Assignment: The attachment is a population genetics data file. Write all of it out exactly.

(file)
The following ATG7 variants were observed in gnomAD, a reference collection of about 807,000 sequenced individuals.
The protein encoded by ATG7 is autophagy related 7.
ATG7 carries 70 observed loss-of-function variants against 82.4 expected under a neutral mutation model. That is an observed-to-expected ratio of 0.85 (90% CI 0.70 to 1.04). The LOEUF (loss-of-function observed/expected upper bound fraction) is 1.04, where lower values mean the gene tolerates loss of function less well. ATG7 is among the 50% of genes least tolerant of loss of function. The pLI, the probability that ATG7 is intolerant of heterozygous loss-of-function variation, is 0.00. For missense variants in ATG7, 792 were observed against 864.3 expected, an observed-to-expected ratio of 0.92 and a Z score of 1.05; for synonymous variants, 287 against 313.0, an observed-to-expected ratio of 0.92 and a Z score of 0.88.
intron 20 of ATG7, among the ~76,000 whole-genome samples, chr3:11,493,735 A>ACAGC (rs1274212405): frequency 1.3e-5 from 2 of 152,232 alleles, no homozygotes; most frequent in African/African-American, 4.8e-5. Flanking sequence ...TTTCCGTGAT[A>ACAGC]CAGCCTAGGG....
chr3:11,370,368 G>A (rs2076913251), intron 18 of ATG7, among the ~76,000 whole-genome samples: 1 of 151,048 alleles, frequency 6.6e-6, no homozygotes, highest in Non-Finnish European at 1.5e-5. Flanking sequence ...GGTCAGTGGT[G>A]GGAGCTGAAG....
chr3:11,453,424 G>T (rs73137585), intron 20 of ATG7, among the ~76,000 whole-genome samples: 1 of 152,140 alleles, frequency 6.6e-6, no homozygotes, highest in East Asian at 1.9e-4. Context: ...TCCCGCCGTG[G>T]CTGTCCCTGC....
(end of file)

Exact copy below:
The following ATG7 variants were observed in gnomAD, a reference collection of about 807,000 sequenced individuals.
The protein encoded by ATG7 is autophagy related 7.
ATG7 carries 70 observed loss-of-function variants against 82.4 expected under a neutral mutation model. That is an observed-to-expected ratio of 0.85 (90% CI 0.70 to 1.04). The LOEUF (loss-of-function observed/expected upper bound fraction) is 1.04, where lower values mean the gene tolerates loss of function less well. ATG7 is among the 50% of genes least tolerant of loss of function. The pLI, the probability that ATG7 is intolerant of heterozygous loss-of-function variation, is 0.00. For missense variants in ATG7, 792 were observed against 864.3 expected, an observed-to-expected ratio of 0.92 and a Z score of 1.05; for synonymous variants, 287 against 313.0, an observed-to-expected ratio of 0.92 and a Z score of 0.88.
intron 20 of ATG7, among the ~76,000 whole-genome samples, chr3:11,493,735 A>ACAGC (rs1274212405): frequency 1.3e-5 from 2 of 152,232 alleles, no homozygotes; most frequent in African/African-American, 4.8e-5. Flanking sequence ...TTTCCGTGAT[A>ACAGC]CAGCCTAGGG....
chr3:11,370,368 G>A (rs2076913251), intron 18 of ATG7, among the ~76,000 whole-genome samples: 1 of 151,048 alleles, frequency 6.6e-6, no homozygotes, highest in Non-Finnish European at 1.5e-5. Flanking sequence ...GGTCAGTGGT[G>A]GGAGCTGAAG....
chr3:11,453,424 G>T (rs73137585), intron 20 of ATG7, among the ~76,000 whole-genome samples: 1 of 152,140 alleles, frequency 6.6e-6, no homozygotes, highest in East Asian at 1.9e-4. Context: ...TCCCGCCGTG[G>T]CTGTCCCTGC....